News Article

February 23, 2024

Bonus Features

Retention strategies ahead of a busy bonus season

Gather round everyone, circle around the virtual campfire for a story about an era long since forgotten. Picture this if you will: a period before the advent of internet streaming, the proliferation of digital technology, and internet of things. An age when movies weren’t consumed via Netflix or Hulu, but on discs, more specifically known as a Digital Video Disk or, DVD for short. Alas, for the reader who recognizes the quintessential beep-bonk-beep-keerrr-humm of the dial-up modem, this abbreviation surely evokes a nostalgia that resonates within. For the uninitiated, DVDs not only contained the featured film but also extra content, often referred to as Bonus Features. Bonus Features could be many things such as deleted scenes, director commentary, and actor interviews. While the film was the main course, the Bonus Features were the dessert, a complimentary accompaniment that, while not necessary, completed the viewer’s cinematic experience. These extras contained the essence of what brings the entire tapestry together, the ethos of the work itself.

Now, we know you’ve not visited this blog for a lesson on the history and development of home entertainment media formats in the twentieth century; but bear with us a moment for we are in fact in Bonus season. The start of the new calendar year, mixed in amongst resolutions and refreshed outlooks, brings the proverbial fruit of the past working year in the form of compensation reviews. For employees, it’s a time fraught with anticipation often layered with the question of whether their efforts of the prior year will yield monetary reward and recognition. For the company, particularly at the current moment, it can be just as complex and meaningful for the trajectory of the organization. 2024 carries with it anticipated economic stabilization during a presidential election year along with cautious perceptions that a recession has been averted, at least for the interim. These factors, combined with expectations that many organizations expect to grow, highlight the importance of talent retention during this bonus season. “Based on our sources and market indicators, we’re seeing the potential for the insurance industry to experience as much movement in the first two quarters of 2024 as we did in all of 2023,” says Matt Nickens, Senior Partner at Coleman Search Group.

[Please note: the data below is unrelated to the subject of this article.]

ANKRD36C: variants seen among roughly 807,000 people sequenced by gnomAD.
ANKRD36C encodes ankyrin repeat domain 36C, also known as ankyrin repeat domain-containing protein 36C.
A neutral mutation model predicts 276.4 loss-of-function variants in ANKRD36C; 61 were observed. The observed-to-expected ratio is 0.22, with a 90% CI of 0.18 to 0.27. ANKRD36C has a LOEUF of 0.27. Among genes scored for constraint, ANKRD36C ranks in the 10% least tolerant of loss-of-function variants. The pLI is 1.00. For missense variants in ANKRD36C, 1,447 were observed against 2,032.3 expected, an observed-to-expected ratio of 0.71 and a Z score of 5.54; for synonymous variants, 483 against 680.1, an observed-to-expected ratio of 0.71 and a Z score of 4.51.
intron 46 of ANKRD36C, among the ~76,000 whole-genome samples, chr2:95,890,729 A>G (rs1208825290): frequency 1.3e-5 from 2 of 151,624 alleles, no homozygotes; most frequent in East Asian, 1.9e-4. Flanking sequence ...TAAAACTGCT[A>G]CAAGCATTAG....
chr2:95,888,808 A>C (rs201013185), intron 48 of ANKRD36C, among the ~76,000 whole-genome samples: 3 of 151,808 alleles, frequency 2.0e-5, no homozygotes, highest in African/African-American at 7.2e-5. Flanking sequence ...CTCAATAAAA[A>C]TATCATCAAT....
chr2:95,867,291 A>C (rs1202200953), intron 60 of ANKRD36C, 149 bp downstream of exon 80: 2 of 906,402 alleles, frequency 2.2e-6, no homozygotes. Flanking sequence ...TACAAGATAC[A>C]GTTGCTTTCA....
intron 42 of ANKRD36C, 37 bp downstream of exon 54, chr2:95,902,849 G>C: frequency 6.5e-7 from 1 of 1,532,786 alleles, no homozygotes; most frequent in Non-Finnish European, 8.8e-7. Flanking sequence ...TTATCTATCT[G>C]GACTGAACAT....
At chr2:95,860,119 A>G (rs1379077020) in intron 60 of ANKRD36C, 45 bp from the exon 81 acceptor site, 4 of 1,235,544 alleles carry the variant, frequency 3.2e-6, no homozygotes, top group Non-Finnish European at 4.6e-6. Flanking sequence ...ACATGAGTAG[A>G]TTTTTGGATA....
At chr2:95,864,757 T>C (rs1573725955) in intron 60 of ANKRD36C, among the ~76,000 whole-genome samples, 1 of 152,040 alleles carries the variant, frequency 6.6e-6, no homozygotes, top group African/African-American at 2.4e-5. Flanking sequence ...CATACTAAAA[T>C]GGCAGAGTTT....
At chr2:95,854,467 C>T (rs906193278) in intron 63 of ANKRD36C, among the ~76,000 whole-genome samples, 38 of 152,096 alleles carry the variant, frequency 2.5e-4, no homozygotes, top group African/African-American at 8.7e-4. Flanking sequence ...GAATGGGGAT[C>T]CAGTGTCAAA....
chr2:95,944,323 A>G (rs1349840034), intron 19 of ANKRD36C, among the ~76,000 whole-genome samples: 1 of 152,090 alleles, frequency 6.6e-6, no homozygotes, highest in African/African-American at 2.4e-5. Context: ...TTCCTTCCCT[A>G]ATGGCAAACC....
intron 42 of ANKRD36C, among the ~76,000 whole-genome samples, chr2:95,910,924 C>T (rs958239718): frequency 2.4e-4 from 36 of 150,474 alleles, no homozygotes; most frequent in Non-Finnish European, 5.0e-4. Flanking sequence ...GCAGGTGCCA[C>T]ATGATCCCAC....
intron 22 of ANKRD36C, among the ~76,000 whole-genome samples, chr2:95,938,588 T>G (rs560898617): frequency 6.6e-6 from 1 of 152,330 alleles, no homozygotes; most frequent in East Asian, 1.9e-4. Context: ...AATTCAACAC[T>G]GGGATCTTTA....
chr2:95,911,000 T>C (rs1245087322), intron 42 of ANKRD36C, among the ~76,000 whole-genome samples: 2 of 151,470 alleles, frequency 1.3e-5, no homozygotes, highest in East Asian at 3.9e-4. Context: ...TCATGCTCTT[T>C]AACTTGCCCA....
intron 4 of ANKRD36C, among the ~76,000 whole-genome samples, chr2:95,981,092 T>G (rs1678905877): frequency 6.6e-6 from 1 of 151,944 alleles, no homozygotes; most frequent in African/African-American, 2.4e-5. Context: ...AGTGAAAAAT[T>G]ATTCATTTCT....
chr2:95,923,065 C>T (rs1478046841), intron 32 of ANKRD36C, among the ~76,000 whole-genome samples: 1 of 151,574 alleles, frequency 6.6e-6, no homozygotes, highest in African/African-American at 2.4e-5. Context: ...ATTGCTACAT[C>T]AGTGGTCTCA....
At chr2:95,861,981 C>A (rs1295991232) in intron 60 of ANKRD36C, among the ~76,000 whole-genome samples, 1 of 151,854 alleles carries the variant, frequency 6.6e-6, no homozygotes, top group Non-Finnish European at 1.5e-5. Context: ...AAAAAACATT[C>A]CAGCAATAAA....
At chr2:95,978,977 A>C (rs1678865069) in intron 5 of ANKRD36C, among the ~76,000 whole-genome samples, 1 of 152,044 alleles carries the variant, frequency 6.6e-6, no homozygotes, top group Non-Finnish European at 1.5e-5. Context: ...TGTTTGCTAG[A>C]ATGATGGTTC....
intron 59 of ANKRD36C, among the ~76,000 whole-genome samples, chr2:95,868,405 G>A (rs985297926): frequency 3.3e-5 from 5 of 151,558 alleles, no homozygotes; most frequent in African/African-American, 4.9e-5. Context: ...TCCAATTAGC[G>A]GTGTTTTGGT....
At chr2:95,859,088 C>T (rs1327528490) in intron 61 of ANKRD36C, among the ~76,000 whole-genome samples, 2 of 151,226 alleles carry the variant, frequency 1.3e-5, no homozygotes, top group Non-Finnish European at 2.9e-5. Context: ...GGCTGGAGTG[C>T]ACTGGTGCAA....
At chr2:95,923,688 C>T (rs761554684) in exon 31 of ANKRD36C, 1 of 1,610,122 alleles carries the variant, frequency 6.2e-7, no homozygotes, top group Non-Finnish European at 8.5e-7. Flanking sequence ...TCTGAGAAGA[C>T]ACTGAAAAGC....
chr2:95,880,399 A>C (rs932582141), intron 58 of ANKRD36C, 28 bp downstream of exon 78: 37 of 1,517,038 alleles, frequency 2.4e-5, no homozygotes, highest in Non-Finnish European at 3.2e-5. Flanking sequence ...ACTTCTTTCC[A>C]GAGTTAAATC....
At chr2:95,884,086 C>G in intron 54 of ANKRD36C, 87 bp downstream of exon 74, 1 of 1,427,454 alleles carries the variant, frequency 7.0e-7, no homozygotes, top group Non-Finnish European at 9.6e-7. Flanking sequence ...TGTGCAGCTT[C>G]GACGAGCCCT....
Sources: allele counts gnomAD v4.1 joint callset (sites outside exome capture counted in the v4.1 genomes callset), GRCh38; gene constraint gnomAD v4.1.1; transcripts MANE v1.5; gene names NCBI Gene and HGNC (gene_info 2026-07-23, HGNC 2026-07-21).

What is the relevance of a compensation review in this landscape? One aspect is that executive leadership may not fully appreciate the status quo, perhaps having experienced full staffing and low turnover, therefore settling into a false sense of stability. For a top talent employee, the situation can be anything but stable, as the discussion with their manager could make-or-break their decision to stay with the organization or decide to leave for greener professional pastures. Aside from the expected conversation about dollars and cents, the review can also be a broader opportunity for the company to reinforce the relationship with their best employees. As detailed in the Emeritus article titled, “14 Employee Retention Strategies for Your Company in 2023”, there are an abundance of strategies that organizations can utilize in this vein. For the sake of brevity, we’ll highlight what we feel are a few key approaches here.